Bikinis are plentiful on Arpoador beach, with vendors selling swimwear up and down the beach, but neither they nor the majority of clothing stores cater to plus-size customers. And the problem is worse outside of major cities like Rio de Janeiro. Xana Gallo, a singer from the southern state of Rio Grande do Sul, told fellow attendees at Dia de Gordes that plus-size swimsuits aren't even spoken of in her hometown. "In order to get here, we first have to be able to buy something to wear," she says. "Before even getting to the beach we face a barrier."
Most of the plus-size clothing available in Brazil appears to be designed with the goal of covering bodies rather than enhancing them, and plus-size women who want fashionable clothing have to create their own spaces.
Larissa Alves, who started the monthly plus-size pop-up market HashTag Bazar, and Babu Carreira, owner of the online plus-size shop Big Brechó, both hit the beach for Dia de Gordes. Alves says one of her customers didn't even know bikinis in her size existed before coming to Hashtag Bazar. "It's not just about the beach, though the beach is responsible for this myth of the perfect body," she adds.
Of course, fatphobia is about much more than just the limited sizing in fashion brands. As Boëchat emphasizes, it is important not to conflate beauty standards—which put pressure on all people, and particularly women, to be thin—and fatphobia, which specifically harms those with fat bodies.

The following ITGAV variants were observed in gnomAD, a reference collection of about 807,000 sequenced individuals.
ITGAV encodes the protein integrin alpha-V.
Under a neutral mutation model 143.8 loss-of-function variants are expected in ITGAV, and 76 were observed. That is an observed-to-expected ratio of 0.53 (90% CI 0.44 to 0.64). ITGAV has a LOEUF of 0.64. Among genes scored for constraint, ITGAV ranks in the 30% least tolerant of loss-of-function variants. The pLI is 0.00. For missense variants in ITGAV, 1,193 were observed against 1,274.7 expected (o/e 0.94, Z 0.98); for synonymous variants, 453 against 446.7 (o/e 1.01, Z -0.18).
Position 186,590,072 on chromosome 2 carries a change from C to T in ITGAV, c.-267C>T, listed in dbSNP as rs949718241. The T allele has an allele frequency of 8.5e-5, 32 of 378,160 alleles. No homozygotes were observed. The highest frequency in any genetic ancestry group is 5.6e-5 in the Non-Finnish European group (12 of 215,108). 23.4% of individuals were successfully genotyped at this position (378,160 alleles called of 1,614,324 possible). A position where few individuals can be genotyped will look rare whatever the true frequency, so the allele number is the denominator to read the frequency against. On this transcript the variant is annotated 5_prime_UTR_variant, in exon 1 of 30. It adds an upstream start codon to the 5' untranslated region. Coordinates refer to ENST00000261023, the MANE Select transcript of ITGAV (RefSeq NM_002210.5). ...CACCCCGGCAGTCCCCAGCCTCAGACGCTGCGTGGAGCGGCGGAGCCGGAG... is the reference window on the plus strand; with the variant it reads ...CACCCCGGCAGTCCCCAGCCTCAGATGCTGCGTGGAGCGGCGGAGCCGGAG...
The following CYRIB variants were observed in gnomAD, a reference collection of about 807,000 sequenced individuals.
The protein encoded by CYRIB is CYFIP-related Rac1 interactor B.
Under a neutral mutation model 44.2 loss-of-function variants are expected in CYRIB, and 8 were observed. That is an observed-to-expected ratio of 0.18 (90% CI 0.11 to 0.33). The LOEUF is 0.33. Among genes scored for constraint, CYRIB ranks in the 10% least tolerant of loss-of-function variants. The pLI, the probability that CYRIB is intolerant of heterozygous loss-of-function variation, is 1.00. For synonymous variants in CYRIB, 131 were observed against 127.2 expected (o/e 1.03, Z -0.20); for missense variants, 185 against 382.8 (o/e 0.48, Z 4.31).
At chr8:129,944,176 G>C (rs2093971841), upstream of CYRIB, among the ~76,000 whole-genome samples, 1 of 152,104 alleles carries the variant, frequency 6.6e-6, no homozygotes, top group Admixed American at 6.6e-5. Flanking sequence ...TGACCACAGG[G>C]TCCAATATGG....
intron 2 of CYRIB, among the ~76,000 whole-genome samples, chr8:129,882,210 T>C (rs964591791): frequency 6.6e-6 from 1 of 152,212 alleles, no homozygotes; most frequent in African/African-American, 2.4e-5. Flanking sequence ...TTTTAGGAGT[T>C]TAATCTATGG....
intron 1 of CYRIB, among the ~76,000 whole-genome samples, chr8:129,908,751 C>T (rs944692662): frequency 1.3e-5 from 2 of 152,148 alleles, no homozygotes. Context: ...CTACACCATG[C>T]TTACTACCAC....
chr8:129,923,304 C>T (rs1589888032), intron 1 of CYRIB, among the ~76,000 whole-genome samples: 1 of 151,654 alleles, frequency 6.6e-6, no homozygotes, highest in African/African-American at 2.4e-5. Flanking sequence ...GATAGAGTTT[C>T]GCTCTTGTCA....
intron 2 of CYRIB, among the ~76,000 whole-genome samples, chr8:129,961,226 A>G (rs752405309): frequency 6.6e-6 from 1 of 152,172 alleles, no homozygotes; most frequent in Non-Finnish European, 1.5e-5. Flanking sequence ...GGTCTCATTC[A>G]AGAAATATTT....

"The biggest problem I see is that fat people are dehumanized," Boëchat says. "Others think they don't have a right to mental health if they're not in the process of losing weight."
Social media has allowed the fat acceptance movement to blossom, but it also creates a space for the dehumanization that Boëchat refers to. Comments on the Dia de Gordes' Facebook event page called the idea "pathetic and ridiculous." Others made jokes comparing fat people to whales, and one commenter said the day would "have bacon cheeseburgers." The organizers of Dia de Gordes fought back with humor; during their Facebook Live stream of the event, they held up a sign reading "#VaiTerX-bacon" (#ThereWillBeBaconCheeseburgers).
With the humiliation of fat people so normalized both online and off, extreme weight loss measures are encouraged in Brazil. Bariatric surgery—encompassing both gastric bypass surgery and gastric band surgery—is seen as an easy solution for anyone who is overweight, with little concern for any physical and psychological complications that could occur as a result of the operation. According to the Brazilian Society of Bariatric and Metabolic Surgery (SBCBM), Brazil has the second-highest rate of bariatric surgery in the world, with women making up 76 percent of the recipients.
During the afternoon's group discussion, organizers asked Juliana, 29, who works with Mídia Ninja, to share her story of weight loss surgery. Juliana says she was pressured to have bariatric surgery when was 22, but the procedure did not lead to easy weight loss. "Sixty kilos was the thinnest I ever got. It wasn't magic. It was really difficult. I wasn't able to eat meat. I became lactose-intolerant." Despite avoiding unhealthy foods, she put weight on again after the surgery. "I felt beautiful at 60 kilos, and I feel beautiful now at 80 kilos. If I had the mindset then that I have now, I wouldn't have gotten the surgery."
In Brazil, some people in favor of body positivity still cringe at the label gordo ("fat" in Portuguese). Some try to soften the word by using its diminutive form, gordinha. At Dia de Gordes however, the word "fat" is used freely.
"When I say, I'm fat, people say, 'No, but you're so pretty! You're cool and nice,'" Gurgel tells the group. "I say, 'I'm pretty, I'm cool, I'm nice, I'm crass, and I'm fat.' It's a physical state, that's all."